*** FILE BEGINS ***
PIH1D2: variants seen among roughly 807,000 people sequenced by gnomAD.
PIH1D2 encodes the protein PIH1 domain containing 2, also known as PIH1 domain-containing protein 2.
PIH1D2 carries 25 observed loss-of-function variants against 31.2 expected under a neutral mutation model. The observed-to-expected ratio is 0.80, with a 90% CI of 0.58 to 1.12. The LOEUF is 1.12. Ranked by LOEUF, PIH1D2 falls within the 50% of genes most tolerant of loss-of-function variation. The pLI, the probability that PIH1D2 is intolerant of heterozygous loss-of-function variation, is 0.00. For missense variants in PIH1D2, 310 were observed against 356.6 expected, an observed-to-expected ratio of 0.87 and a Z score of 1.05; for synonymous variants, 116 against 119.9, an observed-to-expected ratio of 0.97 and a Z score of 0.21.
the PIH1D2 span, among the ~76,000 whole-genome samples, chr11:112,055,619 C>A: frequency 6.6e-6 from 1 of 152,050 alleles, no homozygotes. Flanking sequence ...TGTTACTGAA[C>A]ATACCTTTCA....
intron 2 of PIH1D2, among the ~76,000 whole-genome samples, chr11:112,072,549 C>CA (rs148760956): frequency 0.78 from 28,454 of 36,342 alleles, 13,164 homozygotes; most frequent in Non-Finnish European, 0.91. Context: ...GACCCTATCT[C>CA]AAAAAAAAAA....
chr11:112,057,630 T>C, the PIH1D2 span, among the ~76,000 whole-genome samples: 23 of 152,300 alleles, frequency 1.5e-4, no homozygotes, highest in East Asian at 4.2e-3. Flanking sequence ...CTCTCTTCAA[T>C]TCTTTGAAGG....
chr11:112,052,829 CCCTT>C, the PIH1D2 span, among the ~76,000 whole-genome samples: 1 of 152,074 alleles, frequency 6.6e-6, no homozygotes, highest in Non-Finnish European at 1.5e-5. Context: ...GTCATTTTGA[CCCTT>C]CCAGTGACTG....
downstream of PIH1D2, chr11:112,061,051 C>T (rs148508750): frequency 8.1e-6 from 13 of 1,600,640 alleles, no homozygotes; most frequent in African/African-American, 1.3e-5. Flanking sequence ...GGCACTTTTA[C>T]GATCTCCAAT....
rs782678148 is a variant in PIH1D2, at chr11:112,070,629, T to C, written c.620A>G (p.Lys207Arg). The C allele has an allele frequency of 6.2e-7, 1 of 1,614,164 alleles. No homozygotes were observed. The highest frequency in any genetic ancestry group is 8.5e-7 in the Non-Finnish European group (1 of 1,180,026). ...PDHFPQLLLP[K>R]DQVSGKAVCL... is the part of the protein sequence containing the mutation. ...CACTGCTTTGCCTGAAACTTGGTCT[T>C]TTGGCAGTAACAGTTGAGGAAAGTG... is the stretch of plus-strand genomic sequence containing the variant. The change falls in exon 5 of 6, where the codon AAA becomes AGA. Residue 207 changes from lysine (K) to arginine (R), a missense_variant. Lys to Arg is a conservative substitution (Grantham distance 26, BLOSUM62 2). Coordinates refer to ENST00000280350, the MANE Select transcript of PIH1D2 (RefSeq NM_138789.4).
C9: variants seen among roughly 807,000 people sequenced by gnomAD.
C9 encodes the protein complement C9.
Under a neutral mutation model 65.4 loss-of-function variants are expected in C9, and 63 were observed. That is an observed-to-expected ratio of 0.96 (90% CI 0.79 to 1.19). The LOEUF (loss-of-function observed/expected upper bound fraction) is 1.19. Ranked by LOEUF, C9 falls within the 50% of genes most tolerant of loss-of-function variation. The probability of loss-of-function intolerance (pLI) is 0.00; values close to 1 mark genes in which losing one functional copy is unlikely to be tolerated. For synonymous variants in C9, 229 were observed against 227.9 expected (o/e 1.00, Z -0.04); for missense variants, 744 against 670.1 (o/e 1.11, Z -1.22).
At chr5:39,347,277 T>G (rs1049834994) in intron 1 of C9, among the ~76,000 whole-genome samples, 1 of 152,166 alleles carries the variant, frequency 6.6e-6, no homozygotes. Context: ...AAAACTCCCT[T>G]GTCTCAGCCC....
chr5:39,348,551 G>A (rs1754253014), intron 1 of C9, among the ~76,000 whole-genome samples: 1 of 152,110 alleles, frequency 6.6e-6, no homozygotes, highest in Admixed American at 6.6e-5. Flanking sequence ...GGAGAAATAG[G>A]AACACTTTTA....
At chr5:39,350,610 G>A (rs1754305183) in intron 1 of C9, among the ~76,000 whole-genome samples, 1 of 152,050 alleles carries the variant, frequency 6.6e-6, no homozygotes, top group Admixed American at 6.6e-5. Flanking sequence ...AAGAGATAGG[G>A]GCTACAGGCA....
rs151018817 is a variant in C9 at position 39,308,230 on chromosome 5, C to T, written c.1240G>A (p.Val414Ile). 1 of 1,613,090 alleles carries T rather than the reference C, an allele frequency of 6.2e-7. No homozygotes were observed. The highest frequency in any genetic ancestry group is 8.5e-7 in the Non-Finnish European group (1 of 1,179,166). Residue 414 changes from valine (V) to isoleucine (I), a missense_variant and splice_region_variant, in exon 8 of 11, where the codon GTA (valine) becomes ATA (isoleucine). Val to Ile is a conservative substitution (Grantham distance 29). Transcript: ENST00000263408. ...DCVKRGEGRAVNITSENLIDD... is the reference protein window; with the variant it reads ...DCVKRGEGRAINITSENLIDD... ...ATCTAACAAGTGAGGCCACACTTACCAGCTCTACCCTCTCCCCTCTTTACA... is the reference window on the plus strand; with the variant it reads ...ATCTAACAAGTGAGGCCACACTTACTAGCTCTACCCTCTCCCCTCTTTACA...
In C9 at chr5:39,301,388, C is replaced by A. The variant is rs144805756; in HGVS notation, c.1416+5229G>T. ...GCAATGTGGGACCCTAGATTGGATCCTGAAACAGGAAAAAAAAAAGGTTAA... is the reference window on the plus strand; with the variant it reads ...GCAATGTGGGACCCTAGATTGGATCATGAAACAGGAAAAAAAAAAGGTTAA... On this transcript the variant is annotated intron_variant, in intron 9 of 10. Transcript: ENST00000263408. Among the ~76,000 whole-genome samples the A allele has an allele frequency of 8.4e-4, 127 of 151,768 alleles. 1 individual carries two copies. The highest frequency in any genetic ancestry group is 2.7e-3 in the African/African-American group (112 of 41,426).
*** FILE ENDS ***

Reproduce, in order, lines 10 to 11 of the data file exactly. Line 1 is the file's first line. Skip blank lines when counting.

C9: variants seen among roughly 807,000 people sequenced by gnomAD.
C9 encodes the protein complement C9.